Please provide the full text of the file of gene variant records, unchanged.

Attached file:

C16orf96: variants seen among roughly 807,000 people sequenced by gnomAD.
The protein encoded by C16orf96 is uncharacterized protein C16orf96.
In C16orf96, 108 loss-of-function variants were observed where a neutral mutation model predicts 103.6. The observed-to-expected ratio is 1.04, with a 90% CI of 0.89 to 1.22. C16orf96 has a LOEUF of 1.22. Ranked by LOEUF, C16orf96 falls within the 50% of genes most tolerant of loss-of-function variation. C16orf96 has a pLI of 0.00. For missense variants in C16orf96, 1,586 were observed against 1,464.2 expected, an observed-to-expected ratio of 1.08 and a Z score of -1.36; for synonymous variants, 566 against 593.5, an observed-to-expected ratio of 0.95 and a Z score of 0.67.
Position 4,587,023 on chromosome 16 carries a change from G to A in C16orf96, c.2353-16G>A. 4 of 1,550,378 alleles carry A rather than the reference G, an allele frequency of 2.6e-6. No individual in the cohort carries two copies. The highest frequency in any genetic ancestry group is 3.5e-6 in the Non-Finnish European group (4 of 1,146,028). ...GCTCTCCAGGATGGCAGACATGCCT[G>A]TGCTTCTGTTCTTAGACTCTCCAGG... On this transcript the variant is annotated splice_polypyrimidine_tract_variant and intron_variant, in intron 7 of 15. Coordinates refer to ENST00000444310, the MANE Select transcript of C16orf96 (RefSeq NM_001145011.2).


C16orf96: variants seen among roughly 807,000 people sequenced by gnomAD.
The protein encoded by C16orf96 is uncharacterized protein C16orf96.
In C16orf96, 108 loss-of-function variants were observed where a neutral mutation model predicts 103.6. The observed-to-expected ratio is 1.04, with a 90% CI of 0.89 to 1.22. C16orf96 has a LOEUF of 1.22. Ranked by LOEUF, C16orf96 falls within the 50% of genes most tolerant of loss-of-function variation. C16orf96 has a pLI of 0.00. For missense variants in C16orf96, 1,586 were observed against 1,464.2 expected, an observed-to-expected ratio of 1.08 and a Z score of -1.36; for synonymous variants, 566 against 593.5, an observed-to-expected ratio of 0.95 and a Z score of 0.67.
Position 4,587,023 on chromosome 16 carries a change from G to A in C16orf96, c.2353-16G>A. 4 of 1,550,378 alleles carry A rather than the reference G, an allele frequency of 2.6e-6. No individual in the cohort carries two copies. The highest frequency in any genetic ancestry group is 3.5e-6 in the Non-Finnish European group (4 of 1,146,028). ...GCTCTCCAGGATGGCAGACATGCCT[G>A]TGCTTCTGTTCTTAGACTCTCCAGG... On this transcript the variant is annotated splice_polypyrimidine_tract_variant and intron_variant, in intron 7 of 15. Coordinates refer to ENST00000444310, the MANE Select transcript of C16orf96 (RefSeq NM_001145011.2).